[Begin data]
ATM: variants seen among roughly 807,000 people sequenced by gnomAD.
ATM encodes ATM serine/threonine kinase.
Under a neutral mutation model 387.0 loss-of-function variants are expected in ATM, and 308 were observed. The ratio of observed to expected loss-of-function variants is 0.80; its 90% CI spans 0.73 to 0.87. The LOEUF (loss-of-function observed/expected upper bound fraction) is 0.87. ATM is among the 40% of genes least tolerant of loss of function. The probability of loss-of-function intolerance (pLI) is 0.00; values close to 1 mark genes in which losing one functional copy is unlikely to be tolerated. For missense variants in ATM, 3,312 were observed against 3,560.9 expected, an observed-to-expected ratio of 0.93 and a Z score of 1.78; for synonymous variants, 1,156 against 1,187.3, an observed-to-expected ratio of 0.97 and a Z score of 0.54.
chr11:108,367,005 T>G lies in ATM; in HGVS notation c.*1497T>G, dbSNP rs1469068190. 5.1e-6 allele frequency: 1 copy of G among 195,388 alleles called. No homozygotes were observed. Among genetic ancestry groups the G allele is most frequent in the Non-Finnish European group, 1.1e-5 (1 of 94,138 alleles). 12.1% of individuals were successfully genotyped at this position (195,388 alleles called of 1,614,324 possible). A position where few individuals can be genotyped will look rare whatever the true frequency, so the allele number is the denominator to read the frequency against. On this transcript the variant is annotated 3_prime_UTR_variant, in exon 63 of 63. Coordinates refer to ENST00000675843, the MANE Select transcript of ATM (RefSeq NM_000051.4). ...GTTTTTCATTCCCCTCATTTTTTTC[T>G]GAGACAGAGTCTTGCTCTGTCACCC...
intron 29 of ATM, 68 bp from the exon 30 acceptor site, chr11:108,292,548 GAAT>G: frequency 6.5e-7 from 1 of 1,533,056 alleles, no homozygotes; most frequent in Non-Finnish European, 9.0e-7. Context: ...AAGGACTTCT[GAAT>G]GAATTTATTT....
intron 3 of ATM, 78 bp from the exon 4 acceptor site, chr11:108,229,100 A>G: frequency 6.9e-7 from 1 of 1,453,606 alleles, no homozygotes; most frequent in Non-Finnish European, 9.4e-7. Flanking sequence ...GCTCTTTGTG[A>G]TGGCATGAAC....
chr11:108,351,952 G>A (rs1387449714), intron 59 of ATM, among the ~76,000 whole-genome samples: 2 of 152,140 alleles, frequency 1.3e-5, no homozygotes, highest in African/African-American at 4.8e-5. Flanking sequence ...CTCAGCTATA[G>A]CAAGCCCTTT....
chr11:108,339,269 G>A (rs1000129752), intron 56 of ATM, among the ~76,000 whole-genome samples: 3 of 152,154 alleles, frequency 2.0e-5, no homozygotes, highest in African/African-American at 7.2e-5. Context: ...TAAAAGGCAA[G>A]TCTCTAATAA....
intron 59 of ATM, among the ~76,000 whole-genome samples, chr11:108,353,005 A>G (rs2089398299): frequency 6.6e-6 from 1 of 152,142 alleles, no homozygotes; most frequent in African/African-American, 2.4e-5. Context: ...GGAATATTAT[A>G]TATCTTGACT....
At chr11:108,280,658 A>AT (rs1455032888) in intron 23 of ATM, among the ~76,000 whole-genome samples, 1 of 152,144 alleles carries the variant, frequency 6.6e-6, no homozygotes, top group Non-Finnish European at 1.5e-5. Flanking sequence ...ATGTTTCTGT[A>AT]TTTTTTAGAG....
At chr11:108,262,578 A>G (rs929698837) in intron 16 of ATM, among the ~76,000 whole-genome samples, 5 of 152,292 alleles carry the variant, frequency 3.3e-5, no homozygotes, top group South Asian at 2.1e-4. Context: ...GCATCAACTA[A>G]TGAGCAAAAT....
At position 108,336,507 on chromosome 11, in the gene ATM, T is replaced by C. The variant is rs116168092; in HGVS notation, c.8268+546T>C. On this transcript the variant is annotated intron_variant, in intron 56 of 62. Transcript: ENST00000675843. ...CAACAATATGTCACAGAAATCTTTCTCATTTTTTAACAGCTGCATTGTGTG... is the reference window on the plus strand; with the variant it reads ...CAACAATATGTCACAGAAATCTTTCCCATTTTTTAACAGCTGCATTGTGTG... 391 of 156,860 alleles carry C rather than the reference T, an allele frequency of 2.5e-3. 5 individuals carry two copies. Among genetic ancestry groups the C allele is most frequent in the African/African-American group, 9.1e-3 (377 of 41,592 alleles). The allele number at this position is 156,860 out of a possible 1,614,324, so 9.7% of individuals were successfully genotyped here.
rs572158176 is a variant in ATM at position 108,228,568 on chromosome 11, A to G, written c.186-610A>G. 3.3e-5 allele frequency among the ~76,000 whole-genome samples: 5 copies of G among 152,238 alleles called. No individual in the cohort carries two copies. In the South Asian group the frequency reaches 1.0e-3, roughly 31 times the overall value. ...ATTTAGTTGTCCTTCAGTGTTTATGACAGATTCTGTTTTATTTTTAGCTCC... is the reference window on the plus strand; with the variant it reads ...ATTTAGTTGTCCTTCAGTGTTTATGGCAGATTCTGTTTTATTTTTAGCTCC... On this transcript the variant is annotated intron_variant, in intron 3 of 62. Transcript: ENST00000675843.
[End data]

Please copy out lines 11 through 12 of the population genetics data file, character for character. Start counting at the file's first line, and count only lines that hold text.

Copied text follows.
At chr11:108,262,578 A>G (rs929698837) in intron 16 of ATM, among the ~76,000 whole-genome samples, 5 of 152,292 alleles carry the variant, frequency 3.3e-5, no homozygotes, top group South Asian at 2.1e-4. Context: ...GCATCAACTA[A>G]TGAGCAAAAT....
At position 108,336,507 on chromosome 11, in the gene ATM, T is replaced by C. The variant is rs116168092; in HGVS notation, c.8268+546T>C. On this transcript the variant is annotated intron_variant, in intron 56 of 62. Transcript: ENST00000675843. ...CAACAATATGTCACAGAAATCTTTCTCATTTTTTAACAGCTGCATTGTGTG... is the reference window on the plus strand; with the variant it reads ...CAACAATATGTCACAGAAATCTTTCCCATTTTTTAACAGCTGCATTGTGTG... 391 of 156,860 alleles carry C rather than the reference T, an allele frequency of 2.5e-3. 5 individuals carry two copies. Among genetic ancestry groups the C allele is most frequent in the African/African-American group, 9.1e-3 (377 of 41,592 alleles). The allele number at this position is 156,860 out of a possible 1,614,324, so 9.7% of individuals were successfully genotyped here.